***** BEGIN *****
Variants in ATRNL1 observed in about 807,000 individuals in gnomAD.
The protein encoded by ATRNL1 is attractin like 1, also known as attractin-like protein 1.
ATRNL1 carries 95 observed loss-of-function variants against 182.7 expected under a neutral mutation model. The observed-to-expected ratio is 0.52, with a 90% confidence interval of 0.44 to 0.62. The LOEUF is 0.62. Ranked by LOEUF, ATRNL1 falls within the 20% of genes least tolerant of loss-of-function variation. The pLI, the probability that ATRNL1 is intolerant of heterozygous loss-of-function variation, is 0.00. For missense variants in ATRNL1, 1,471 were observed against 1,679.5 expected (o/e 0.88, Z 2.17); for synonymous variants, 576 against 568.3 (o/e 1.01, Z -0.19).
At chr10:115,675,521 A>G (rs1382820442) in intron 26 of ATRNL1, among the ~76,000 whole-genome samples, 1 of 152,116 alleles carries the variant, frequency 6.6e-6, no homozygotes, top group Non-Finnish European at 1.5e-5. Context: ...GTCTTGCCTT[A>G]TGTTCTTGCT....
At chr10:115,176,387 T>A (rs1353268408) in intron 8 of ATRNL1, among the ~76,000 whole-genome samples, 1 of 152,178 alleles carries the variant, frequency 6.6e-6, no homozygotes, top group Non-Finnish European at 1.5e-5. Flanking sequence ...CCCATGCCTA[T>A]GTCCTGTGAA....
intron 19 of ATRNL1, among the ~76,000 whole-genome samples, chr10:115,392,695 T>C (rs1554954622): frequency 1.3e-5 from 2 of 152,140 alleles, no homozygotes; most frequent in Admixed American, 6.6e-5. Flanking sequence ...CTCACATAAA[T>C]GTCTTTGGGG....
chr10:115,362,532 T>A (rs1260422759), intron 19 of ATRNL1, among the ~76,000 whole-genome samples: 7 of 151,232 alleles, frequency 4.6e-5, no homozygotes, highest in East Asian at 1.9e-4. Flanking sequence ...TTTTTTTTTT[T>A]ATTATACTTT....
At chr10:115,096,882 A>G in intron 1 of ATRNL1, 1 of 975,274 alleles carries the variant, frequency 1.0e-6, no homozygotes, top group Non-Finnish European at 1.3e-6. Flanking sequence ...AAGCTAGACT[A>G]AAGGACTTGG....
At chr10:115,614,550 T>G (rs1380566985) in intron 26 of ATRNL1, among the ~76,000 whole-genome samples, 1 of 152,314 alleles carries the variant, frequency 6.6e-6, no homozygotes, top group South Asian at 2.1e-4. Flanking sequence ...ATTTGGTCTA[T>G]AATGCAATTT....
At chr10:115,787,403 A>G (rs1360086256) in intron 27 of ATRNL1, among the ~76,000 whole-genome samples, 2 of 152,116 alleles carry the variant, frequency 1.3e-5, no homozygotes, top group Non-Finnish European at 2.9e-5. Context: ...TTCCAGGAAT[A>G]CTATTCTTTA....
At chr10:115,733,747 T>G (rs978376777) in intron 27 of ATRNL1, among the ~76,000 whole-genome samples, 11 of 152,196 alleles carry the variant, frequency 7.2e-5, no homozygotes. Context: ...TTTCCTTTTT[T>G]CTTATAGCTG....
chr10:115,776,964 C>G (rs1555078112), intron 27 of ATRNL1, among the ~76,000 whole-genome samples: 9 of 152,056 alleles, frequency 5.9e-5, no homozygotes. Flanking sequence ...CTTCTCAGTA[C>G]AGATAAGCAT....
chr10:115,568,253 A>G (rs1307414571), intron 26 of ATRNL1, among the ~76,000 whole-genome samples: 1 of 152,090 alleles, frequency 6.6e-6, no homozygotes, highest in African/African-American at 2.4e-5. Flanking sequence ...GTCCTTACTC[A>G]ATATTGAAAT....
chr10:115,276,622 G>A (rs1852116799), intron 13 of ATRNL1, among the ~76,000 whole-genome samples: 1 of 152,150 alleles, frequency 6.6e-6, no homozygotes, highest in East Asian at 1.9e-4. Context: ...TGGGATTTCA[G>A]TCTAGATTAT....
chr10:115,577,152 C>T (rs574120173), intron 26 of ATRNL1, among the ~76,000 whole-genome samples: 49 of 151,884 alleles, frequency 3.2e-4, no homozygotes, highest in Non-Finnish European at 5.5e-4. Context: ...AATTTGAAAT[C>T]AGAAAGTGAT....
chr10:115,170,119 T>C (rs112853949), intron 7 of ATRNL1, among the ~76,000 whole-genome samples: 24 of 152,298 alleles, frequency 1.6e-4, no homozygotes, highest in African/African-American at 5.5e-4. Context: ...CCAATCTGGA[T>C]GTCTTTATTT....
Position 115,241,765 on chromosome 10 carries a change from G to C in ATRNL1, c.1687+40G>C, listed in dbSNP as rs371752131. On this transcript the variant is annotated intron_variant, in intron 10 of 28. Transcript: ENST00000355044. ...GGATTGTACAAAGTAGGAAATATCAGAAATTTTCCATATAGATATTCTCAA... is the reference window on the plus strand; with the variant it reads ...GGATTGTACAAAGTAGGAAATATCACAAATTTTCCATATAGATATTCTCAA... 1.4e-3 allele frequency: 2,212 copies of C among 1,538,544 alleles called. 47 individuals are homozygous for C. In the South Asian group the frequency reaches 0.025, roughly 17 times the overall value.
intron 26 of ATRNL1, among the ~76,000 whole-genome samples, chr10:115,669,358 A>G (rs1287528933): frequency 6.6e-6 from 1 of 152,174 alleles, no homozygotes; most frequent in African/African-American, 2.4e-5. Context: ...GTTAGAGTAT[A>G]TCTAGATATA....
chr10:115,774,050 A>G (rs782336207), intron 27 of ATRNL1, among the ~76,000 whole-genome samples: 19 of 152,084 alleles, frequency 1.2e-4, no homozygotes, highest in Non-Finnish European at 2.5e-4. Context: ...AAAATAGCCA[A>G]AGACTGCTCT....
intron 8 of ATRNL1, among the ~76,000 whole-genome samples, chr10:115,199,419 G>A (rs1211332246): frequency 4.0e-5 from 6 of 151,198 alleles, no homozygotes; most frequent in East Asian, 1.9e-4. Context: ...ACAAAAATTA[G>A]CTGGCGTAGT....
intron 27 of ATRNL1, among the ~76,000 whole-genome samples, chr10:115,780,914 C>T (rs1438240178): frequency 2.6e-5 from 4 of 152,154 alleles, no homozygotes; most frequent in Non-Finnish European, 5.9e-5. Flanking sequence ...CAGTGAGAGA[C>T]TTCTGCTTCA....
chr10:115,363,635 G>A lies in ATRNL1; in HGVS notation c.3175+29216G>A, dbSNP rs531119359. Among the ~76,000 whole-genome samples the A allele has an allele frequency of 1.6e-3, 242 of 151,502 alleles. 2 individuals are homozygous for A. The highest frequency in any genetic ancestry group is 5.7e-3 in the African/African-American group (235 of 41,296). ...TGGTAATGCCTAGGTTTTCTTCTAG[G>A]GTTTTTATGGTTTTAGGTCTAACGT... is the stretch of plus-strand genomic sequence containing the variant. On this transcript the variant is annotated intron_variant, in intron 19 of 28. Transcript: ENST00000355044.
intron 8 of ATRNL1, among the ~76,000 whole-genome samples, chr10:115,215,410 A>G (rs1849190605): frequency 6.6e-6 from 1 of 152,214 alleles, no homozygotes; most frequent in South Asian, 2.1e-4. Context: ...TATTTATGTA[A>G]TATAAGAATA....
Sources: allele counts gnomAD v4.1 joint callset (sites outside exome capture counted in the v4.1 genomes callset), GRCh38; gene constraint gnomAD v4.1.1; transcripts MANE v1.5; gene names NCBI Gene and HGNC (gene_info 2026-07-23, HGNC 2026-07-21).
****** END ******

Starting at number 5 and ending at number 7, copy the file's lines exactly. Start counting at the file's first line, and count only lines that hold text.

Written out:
At chr10:115,176,387 T>A (rs1353268408) in intron 8 of ATRNL1, among the ~76,000 whole-genome samples, 1 of 152,178 alleles carries the variant, frequency 6.6e-6, no homozygotes, top group Non-Finnish European at 1.5e-5. Flanking sequence ...CCCATGCCTA[T>A]GTCCTGTGAA....
intron 19 of ATRNL1, among the ~76,000 whole-genome samples, chr10:115,392,695 T>C (rs1554954622): frequency 1.3e-5 from 2 of 152,140 alleles, no homozygotes; most frequent in Admixed American, 6.6e-5. Flanking sequence ...CTCACATAAA[T>C]GTCTTTGGGG....
chr10:115,362,532 T>A (rs1260422759), intron 19 of ATRNL1, among the ~76,000 whole-genome samples: 7 of 151,232 alleles, frequency 4.6e-5, no homozygotes, highest in East Asian at 1.9e-4. Flanking sequence ...TTTTTTTTTT[T>A]ATTATACTTT....